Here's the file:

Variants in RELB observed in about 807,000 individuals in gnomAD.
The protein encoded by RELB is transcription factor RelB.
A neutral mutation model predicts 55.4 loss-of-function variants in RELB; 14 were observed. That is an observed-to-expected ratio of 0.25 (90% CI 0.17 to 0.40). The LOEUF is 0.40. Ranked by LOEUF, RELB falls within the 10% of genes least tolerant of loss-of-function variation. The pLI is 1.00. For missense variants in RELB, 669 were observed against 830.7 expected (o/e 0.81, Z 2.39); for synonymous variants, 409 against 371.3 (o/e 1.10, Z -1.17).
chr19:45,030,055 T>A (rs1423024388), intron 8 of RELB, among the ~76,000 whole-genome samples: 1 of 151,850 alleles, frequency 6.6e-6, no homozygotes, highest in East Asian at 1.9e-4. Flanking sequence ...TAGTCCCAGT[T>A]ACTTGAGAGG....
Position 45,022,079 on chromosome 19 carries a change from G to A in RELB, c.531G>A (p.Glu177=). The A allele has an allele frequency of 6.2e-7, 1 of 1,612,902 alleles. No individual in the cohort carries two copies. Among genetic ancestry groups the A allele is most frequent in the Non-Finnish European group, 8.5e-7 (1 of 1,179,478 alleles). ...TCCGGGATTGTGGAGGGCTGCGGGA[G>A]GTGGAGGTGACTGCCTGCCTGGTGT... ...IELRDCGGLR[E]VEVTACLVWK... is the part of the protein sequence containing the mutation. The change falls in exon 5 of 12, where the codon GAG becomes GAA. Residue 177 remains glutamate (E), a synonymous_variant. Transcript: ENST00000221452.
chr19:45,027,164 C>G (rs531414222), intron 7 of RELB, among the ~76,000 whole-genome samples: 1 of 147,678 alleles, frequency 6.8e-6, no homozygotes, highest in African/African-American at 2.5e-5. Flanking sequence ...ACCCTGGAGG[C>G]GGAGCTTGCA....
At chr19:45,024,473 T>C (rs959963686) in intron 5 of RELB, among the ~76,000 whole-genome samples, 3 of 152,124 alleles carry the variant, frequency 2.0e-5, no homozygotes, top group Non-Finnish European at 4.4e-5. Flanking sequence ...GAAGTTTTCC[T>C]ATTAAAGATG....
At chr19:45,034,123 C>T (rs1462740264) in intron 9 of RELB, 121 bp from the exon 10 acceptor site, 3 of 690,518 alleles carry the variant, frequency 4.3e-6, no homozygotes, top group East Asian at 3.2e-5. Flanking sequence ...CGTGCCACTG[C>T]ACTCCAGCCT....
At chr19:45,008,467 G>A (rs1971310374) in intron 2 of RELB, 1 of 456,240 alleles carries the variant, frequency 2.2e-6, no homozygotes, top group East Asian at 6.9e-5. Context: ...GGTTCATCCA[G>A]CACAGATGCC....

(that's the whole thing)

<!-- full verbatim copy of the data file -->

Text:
Variants in RELB observed in about 807,000 individuals in gnomAD.
The protein encoded by RELB is transcription factor RelB.
A neutral mutation model predicts 55.4 loss-of-function variants in RELB; 14 were observed. That is an observed-to-expected ratio of 0.25 (90% CI 0.17 to 0.40). The LOEUF is 0.40. Ranked by LOEUF, RELB falls within the 10% of genes least tolerant of loss-of-function variation. The pLI is 1.00. For missense variants in RELB, 669 were observed against 830.7 expected (o/e 0.81, Z 2.39); for synonymous variants, 409 against 371.3 (o/e 1.10, Z -1.17).
chr19:45,030,055 T>A (rs1423024388), intron 8 of RELB, among the ~76,000 whole-genome samples: 1 of 151,850 alleles, frequency 6.6e-6, no homozygotes, highest in East Asian at 1.9e-4. Flanking sequence ...TAGTCCCAGT[T>A]ACTTGAGAGG....
Position 45,022,079 on chromosome 19 carries a change from G to A in RELB, c.531G>A (p.Glu177=). The A allele has an allele frequency of 6.2e-7, 1 of 1,612,902 alleles. No individual in the cohort carries two copies. Among genetic ancestry groups the A allele is most frequent in the Non-Finnish European group, 8.5e-7 (1 of 1,179,478 alleles). ...TCCGGGATTGTGGAGGGCTGCGGGA[G>A]GTGGAGGTGACTGCCTGCCTGGTGT... ...IELRDCGGLR[E]VEVTACLVWK... is the part of the protein sequence containing the mutation. The change falls in exon 5 of 12, where the codon GAG becomes GAA. Residue 177 remains glutamate (E), a synonymous_variant. Transcript: ENST00000221452.
chr19:45,027,164 C>G (rs531414222), intron 7 of RELB, among the ~76,000 whole-genome samples: 1 of 147,678 alleles, frequency 6.8e-6, no homozygotes, highest in African/African-American at 2.5e-5. Flanking sequence ...ACCCTGGAGG[C>G]GGAGCTTGCA....
At chr19:45,024,473 T>C (rs959963686) in intron 5 of RELB, among the ~76,000 whole-genome samples, 3 of 152,124 alleles carry the variant, frequency 2.0e-5, no homozygotes, top group Non-Finnish European at 4.4e-5. Flanking sequence ...GAAGTTTTCC[T>C]ATTAAAGATG....
At chr19:45,034,123 C>T (rs1462740264) in intron 9 of RELB, 121 bp from the exon 10 acceptor site, 3 of 690,518 alleles carry the variant, frequency 4.3e-6, no homozygotes, top group East Asian at 3.2e-5. Flanking sequence ...CGTGCCACTG[C>T]ACTCCAGCCT....
At chr19:45,008,467 G>A (rs1971310374) in intron 2 of RELB, 1 of 456,240 alleles carries the variant, frequency 2.2e-6, no homozygotes, top group East Asian at 6.9e-5. Context: ...GGTTCATCCA[G>A]CACAGATGCC....